Doesn’t verse 33 make a lot more sense now? The words, “all these things” refer to the basic needs of food and clothing. Did you catch that? They are not referring to that raise you want, or that gadget that would make your life easier, or that person you think you can’t live without. They refer to very basic needs of the human body. Jesus’ point is that we should not worry about where we’ll get food and clothing to survive. We should simply seek God’s kingdom in all we do, and trust Him to provide for us. But how often do we interpret Matthew 6:33 like this? I think a lot of times we take “all these things” to mean “all that we currently have on our mind,” and when we see that these will be “added to us,” we think, “Oh, that’s cool. Jesus will give me what I’m thinking about right now as long as I seek His kingdom first.” This is not true! It’s absolutely absurd to think this, but many of us just forget how ridiculous this is, and accept the fuzzy feelings that come with this verse’s often misinterpreted promise.

I’m not saying that this is how everyone interprets Matthew 6:33, but I do believe that a lot of people accept this false conclusion. Part of the reason for this could be that the verse sounds so hope-giving and “deep” by itself. Many recognize this and present it without the context, resulting in a lot of confusion as to what the verse is actually promising. This leads others to misinterpret the verse, and incorrectly suppose that it is an unfulfilled promise in their lives, building up their distrust of the Bible. This chain of events does not glorify God, and should be avoided at all costs. It is far better to present an inspiring, but easily misinterpreted verse with its context, or not at all, rather than risk misunderstandings and dishonorable use of God’s Word.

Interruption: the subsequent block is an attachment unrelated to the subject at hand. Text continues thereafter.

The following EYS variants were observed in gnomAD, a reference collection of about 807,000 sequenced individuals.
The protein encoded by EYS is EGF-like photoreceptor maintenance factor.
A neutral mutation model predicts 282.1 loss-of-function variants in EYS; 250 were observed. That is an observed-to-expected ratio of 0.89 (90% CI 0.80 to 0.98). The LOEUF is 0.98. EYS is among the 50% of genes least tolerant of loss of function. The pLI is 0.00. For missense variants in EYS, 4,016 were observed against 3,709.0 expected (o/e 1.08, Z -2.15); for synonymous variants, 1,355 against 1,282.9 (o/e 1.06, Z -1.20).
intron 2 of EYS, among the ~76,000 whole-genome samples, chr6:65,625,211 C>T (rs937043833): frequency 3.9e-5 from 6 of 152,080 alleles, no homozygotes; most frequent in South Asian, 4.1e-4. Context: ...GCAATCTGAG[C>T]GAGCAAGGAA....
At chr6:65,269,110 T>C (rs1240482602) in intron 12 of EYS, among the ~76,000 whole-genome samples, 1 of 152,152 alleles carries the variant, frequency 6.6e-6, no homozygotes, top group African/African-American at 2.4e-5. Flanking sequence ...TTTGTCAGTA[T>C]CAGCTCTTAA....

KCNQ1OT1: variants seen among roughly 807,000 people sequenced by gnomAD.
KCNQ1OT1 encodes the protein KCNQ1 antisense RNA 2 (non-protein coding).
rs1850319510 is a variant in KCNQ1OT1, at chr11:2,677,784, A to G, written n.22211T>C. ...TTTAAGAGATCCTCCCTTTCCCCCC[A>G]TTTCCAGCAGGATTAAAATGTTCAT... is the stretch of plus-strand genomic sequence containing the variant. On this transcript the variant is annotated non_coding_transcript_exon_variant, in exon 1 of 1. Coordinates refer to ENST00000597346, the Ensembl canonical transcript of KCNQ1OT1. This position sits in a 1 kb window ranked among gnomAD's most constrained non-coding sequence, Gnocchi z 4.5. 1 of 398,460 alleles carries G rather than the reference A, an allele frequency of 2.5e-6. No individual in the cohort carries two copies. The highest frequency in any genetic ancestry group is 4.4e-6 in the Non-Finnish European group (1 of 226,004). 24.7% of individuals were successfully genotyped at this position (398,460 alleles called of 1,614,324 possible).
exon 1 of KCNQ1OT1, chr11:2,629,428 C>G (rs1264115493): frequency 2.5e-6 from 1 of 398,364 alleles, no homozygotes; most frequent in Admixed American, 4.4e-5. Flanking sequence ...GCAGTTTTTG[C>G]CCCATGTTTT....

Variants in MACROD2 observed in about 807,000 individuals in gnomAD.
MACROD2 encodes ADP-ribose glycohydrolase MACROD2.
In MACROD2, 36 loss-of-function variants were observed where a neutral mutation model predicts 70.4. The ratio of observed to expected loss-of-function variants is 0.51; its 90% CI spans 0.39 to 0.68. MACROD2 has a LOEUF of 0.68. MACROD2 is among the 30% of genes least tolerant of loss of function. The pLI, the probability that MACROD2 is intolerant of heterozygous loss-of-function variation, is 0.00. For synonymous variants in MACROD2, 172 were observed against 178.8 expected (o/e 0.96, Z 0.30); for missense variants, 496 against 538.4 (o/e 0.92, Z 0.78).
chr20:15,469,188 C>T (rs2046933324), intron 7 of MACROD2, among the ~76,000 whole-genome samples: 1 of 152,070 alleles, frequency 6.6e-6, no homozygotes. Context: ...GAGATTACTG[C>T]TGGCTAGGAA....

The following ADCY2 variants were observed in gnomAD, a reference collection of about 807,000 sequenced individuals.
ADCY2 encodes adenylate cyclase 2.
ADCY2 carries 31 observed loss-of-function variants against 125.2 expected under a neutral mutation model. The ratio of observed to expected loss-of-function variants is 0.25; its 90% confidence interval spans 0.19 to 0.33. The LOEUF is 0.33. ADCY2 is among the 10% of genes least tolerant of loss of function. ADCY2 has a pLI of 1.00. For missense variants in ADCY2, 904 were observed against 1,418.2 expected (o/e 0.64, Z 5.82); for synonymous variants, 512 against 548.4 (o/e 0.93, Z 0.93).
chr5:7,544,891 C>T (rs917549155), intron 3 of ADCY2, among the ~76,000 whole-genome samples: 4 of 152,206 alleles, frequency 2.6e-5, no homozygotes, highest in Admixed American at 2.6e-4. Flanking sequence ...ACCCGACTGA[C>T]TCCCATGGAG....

Doctrinal Dilemmas

The same concept applies to theological beliefs. Let’s say, for example, that your family believes in one way of undergoing baptism, while you think that another way is correct. This is ok. But make sure that your difference in opinion is based on what you truly believe is the most accurate and honest understanding of the different sections of the Bible that talk about baptism. This can be difficult, but a lot of possibly harmful preconceptions and ideas can be successfully disposed of by a careful reading of the context around the different verses in the Bible about baptism. Try to avoid selecting just one or two verses in order to come to a conclusion about a certain doctrine. You could potentially be taking a statement out of its intended context, rendering its words useless in the overall scope of what the Bible says about that idea. This is not helpful at all in the process of trying to understand exactly what God wants us to understand about the Bible. We must be wise and discerning when studying God’s Word, and context is an indispensable part of that.

The practice of attempting to take every verse in the Bible in its true context is rare nowadays. So many pastors, teachers, and authors twist and manipulate the Bible’s words, either unintentionally or for selfish reasons. But no matter what the motive is behind the misuse of Scripture, it reaps harmful effects that lead many astray. We must take a stand for the immovable truth of the Bible by striving to use its words accurately in our personal lives, and by helping others to see the importance of honest, thorough study of God’s Word. So whether you’re sharing a verse on the internet, or analyzing a doctrinal issue, remember to take everything in its proper context, and treat the Bible with the fearful respect it deserves.